Illusion ↔ Reality
Individual and community beliefs affect decisions

In the field of family planning, it is well documented that individuals’ and communities’ beliefs can differ from objective facts and affect decision-making. We classify these beliefs into three main phenomena: beliefs about facts, beliefs about probabilities, and beliefs about preferences. Below is an example of each.

Beliefs about Facts:
Individuals often believe things that are objectively incorrect.

In Kenya, qualitative research has found that some women believe that contraception results in infertility, future contraceptive failure, device expulsion or shift, cancerous growths, and birth defects.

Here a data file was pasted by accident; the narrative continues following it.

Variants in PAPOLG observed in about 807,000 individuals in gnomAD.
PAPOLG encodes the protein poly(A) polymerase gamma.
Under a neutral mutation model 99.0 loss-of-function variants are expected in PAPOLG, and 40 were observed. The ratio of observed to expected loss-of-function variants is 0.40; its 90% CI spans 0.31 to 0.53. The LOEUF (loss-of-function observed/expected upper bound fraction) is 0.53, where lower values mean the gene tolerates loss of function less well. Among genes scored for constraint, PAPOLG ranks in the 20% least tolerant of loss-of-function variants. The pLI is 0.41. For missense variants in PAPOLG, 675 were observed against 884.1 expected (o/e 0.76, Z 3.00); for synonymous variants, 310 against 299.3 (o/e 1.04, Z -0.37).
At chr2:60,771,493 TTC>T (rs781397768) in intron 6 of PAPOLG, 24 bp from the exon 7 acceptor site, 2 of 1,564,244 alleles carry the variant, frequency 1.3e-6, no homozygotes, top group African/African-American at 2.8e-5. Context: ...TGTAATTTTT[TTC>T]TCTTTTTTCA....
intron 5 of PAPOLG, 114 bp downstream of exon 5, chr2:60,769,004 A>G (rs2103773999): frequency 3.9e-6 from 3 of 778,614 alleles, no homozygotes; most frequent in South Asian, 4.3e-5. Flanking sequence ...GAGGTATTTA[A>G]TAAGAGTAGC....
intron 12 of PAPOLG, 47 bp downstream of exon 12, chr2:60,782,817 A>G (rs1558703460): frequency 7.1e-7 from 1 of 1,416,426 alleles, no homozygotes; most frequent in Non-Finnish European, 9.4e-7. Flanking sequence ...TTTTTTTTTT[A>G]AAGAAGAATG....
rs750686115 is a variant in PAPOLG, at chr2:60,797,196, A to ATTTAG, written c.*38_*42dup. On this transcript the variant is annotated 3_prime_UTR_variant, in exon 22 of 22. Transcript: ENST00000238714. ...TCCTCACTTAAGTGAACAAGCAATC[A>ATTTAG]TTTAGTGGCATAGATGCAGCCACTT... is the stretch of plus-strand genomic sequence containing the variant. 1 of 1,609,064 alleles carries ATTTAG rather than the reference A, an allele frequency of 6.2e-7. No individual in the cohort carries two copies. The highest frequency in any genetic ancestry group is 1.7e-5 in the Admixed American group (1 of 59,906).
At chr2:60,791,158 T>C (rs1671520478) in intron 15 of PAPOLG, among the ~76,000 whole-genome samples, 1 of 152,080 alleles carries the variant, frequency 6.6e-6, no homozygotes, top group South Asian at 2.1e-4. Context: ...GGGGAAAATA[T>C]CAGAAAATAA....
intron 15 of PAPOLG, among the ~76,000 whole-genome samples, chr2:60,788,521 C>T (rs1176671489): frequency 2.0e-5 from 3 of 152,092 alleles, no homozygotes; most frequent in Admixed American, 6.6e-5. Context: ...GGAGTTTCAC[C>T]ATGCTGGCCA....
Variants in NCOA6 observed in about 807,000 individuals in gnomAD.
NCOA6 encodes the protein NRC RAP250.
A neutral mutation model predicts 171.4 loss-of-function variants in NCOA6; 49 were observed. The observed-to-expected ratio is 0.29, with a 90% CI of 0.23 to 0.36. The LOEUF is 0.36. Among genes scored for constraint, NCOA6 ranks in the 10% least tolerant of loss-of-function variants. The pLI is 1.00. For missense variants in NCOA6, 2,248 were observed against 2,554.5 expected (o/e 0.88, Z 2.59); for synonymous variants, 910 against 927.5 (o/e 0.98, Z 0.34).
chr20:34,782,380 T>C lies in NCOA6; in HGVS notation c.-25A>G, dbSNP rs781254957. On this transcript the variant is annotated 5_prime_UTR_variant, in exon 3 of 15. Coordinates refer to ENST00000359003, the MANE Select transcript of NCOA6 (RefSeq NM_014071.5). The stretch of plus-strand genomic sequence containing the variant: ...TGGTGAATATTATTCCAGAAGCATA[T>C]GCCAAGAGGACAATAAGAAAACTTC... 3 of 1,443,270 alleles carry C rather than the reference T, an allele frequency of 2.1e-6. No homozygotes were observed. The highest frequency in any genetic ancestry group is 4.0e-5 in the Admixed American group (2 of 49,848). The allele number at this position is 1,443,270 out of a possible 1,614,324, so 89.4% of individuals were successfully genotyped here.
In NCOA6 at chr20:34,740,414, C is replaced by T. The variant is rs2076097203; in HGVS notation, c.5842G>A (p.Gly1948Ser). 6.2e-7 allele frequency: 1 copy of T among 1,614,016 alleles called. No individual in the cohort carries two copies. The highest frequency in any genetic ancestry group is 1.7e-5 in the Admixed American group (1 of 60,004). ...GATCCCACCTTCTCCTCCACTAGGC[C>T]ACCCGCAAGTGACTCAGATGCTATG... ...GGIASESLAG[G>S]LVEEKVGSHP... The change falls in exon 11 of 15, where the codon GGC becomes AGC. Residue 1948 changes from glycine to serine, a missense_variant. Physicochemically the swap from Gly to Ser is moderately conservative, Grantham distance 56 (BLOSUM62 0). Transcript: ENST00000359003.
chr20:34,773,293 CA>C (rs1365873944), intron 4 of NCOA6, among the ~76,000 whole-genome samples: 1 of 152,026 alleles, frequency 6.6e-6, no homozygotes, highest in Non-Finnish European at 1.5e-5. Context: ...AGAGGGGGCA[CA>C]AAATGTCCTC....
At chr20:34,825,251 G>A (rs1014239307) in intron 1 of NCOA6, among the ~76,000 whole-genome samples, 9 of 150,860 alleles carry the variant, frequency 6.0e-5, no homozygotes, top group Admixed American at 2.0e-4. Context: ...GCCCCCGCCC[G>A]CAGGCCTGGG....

Beliefs about Probabilities:
People often make faulty estimates about the likelihood of an event or outcome.

In a US based study researchers found that women obtaining abortions often believed they could not become pregnant based on their past experiences.

Beliefs about Preferences:
People often carry the flawed belief that tastes or preferences are fixed over time.

Little research has been done to identify projection bias in the RH context, but it my be relevant for fertility related decisions.

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